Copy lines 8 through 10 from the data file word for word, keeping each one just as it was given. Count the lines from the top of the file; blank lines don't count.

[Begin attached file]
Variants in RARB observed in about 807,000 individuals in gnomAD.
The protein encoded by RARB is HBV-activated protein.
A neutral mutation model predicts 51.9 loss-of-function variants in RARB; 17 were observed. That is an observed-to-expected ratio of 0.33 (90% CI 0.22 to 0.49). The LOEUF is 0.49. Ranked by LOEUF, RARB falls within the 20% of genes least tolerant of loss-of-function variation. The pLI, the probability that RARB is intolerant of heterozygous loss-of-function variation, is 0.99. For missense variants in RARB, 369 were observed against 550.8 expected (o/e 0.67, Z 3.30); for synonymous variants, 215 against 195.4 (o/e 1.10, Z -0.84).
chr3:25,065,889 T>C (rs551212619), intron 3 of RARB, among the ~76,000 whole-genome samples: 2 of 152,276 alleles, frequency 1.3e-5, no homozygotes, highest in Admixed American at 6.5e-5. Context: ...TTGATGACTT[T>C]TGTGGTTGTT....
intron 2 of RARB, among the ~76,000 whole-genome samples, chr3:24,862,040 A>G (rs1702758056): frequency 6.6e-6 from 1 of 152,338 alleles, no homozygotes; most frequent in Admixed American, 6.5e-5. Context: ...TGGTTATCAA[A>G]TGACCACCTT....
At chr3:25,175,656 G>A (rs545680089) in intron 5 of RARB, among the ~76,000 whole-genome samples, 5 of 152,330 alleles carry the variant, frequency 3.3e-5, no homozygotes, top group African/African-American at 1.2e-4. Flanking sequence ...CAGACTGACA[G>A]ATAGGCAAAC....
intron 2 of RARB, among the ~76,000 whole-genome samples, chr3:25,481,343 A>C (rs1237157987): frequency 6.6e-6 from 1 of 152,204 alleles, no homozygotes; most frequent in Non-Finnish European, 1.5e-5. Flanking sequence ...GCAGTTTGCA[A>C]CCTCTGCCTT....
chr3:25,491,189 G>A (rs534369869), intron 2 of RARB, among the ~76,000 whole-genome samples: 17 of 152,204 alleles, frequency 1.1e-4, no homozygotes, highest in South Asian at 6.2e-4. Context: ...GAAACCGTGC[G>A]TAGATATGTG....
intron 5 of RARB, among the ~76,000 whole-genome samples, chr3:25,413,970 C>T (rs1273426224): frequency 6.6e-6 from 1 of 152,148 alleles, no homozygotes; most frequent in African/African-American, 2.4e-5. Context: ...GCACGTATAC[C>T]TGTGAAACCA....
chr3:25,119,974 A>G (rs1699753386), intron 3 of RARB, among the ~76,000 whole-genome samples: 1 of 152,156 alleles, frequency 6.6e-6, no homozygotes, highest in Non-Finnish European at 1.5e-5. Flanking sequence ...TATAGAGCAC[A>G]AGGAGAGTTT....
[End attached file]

chr3:25,491,189 G>A (rs534369869), intron 2 of RARB, among the ~76,000 whole-genome samples: 17 of 152,204 alleles, frequency 1.1e-4, no homozygotes, highest in South Asian at 6.2e-4. Context: ...GAAACCGTGC[G>A]TAGATATGTG....
intron 5 of RARB, among the ~76,000 whole-genome samples, chr3:25,413,970 C>T (rs1273426224): frequency 6.6e-6 from 1 of 152,148 alleles, no homozygotes; most frequent in African/African-American, 2.4e-5. Context: ...GCACGTATAC[C>T]TGTGAAACCA....
chr3:25,119,974 A>G (rs1699753386), intron 3 of RARB, among the ~76,000 whole-genome samples: 1 of 152,156 alleles, frequency 6.6e-6, no homozygotes, highest in Non-Finnish European at 1.5e-5. Flanking sequence ...TATAGAGCAC[A>G]AGGAGAGTTT....